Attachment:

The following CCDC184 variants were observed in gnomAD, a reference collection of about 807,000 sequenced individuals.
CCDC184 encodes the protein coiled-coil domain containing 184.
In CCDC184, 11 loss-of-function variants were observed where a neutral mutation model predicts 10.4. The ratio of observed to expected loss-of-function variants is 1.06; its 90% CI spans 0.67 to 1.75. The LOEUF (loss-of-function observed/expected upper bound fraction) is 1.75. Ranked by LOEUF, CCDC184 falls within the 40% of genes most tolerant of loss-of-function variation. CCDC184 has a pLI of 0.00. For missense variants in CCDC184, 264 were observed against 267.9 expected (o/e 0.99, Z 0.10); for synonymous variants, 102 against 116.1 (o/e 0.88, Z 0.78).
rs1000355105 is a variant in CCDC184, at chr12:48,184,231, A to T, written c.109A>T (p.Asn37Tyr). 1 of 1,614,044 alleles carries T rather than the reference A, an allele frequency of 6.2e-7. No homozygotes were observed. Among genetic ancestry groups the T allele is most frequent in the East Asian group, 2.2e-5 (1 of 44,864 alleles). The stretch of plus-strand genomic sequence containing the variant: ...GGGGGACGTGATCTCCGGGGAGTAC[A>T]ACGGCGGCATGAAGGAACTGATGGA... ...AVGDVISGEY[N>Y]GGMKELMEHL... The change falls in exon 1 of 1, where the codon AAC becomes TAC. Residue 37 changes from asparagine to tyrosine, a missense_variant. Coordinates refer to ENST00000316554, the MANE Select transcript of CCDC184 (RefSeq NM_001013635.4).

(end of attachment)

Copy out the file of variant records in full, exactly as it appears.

The following CCDC184 variants were observed in gnomAD, a reference collection of about 807,000 sequenced individuals.
CCDC184 encodes the protein coiled-coil domain containing 184.
In CCDC184, 11 loss-of-function variants were observed where a neutral mutation model predicts 10.4. The ratio of observed to expected loss-of-function variants is 1.06; its 90% CI spans 0.67 to 1.75. The LOEUF (loss-of-function observed/expected upper bound fraction) is 1.75. Ranked by LOEUF, CCDC184 falls within the 40% of genes most tolerant of loss-of-function variation. CCDC184 has a pLI of 0.00. For missense variants in CCDC184, 264 were observed against 267.9 expected (o/e 0.99, Z 0.10); for synonymous variants, 102 against 116.1 (o/e 0.88, Z 0.78).
rs1000355105 is a variant in CCDC184, at chr12:48,184,231, A to T, written c.109A>T (p.Asn37Tyr). 1 of 1,614,044 alleles carries T rather than the reference A, an allele frequency of 6.2e-7. No homozygotes were observed. Among genetic ancestry groups the T allele is most frequent in the East Asian group, 2.2e-5 (1 of 44,864 alleles). The stretch of plus-strand genomic sequence containing the variant: ...GGGGGACGTGATCTCCGGGGAGTAC[A>T]ACGGCGGCATGAAGGAACTGATGGA... ...AVGDVISGEY[N>Y]GGMKELMEHL... The change falls in exon 1 of 1, where the codon AAC becomes TAC. Residue 37 changes from asparagine to tyrosine, a missense_variant. Coordinates refer to ENST00000316554, the MANE Select transcript of CCDC184 (RefSeq NM_001013635.4).